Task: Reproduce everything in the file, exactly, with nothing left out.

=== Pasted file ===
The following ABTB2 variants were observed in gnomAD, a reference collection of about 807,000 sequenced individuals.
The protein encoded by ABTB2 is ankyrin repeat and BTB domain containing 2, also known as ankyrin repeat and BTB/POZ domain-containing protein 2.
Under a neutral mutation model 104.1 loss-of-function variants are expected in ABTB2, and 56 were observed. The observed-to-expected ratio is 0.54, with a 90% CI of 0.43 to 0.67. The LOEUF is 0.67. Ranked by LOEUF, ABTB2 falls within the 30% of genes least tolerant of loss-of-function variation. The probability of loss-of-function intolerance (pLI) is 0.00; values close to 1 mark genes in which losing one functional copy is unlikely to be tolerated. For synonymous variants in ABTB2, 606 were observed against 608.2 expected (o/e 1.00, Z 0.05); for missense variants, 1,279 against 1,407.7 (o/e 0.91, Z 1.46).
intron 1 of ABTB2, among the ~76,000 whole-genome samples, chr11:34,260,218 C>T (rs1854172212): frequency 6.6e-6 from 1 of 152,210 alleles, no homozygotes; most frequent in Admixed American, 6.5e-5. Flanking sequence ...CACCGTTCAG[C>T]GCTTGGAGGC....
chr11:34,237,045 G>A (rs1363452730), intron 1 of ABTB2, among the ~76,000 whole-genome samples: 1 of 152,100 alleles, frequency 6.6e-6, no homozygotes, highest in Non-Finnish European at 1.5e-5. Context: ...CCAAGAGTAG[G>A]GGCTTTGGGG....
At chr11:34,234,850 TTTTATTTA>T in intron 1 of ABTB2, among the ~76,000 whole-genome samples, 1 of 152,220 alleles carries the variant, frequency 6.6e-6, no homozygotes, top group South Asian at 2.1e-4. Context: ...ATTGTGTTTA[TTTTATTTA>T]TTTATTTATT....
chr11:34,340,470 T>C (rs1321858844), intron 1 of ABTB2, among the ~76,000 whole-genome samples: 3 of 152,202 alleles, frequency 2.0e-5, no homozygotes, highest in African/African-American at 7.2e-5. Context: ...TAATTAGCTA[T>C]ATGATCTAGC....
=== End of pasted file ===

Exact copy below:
The following ABTB2 variants were observed in gnomAD, a reference collection of about 807,000 sequenced individuals.
The protein encoded by ABTB2 is ankyrin repeat and BTB domain containing 2, also known as ankyrin repeat and BTB/POZ domain-containing protein 2.
Under a neutral mutation model 104.1 loss-of-function variants are expected in ABTB2, and 56 were observed. The observed-to-expected ratio is 0.54, with a 90% CI of 0.43 to 0.67. The LOEUF is 0.67. Ranked by LOEUF, ABTB2 falls within the 30% of genes least tolerant of loss-of-function variation. The probability of loss-of-function intolerance (pLI) is 0.00; values close to 1 mark genes in which losing one functional copy is unlikely to be tolerated. For synonymous variants in ABTB2, 606 were observed against 608.2 expected (o/e 1.00, Z 0.05); for missense variants, 1,279 against 1,407.7 (o/e 0.91, Z 1.46).
intron 1 of ABTB2, among the ~76,000 whole-genome samples, chr11:34,260,218 C>T (rs1854172212): frequency 6.6e-6 from 1 of 152,210 alleles, no homozygotes; most frequent in Admixed American, 6.5e-5. Flanking sequence ...CACCGTTCAG[C>T]GCTTGGAGGC....
chr11:34,237,045 G>A (rs1363452730), intron 1 of ABTB2, among the ~76,000 whole-genome samples: 1 of 152,100 alleles, frequency 6.6e-6, no homozygotes, highest in Non-Finnish European at 1.5e-5. Context: ...CCAAGAGTAG[G>A]GGCTTTGGGG....
At chr11:34,234,850 TTTTATTTA>T in intron 1 of ABTB2, among the ~76,000 whole-genome samples, 1 of 152,220 alleles carries the variant, frequency 6.6e-6, no homozygotes, top group South Asian at 2.1e-4. Context: ...ATTGTGTTTA[TTTTATTTA>T]TTTATTTATT....
chr11:34,340,470 T>C (rs1321858844), intron 1 of ABTB2, among the ~76,000 whole-genome samples: 3 of 152,202 alleles, frequency 2.0e-5, no homozygotes, highest in African/African-American at 7.2e-5. Context: ...TAATTAGCTA[T>C]ATGATCTAGC....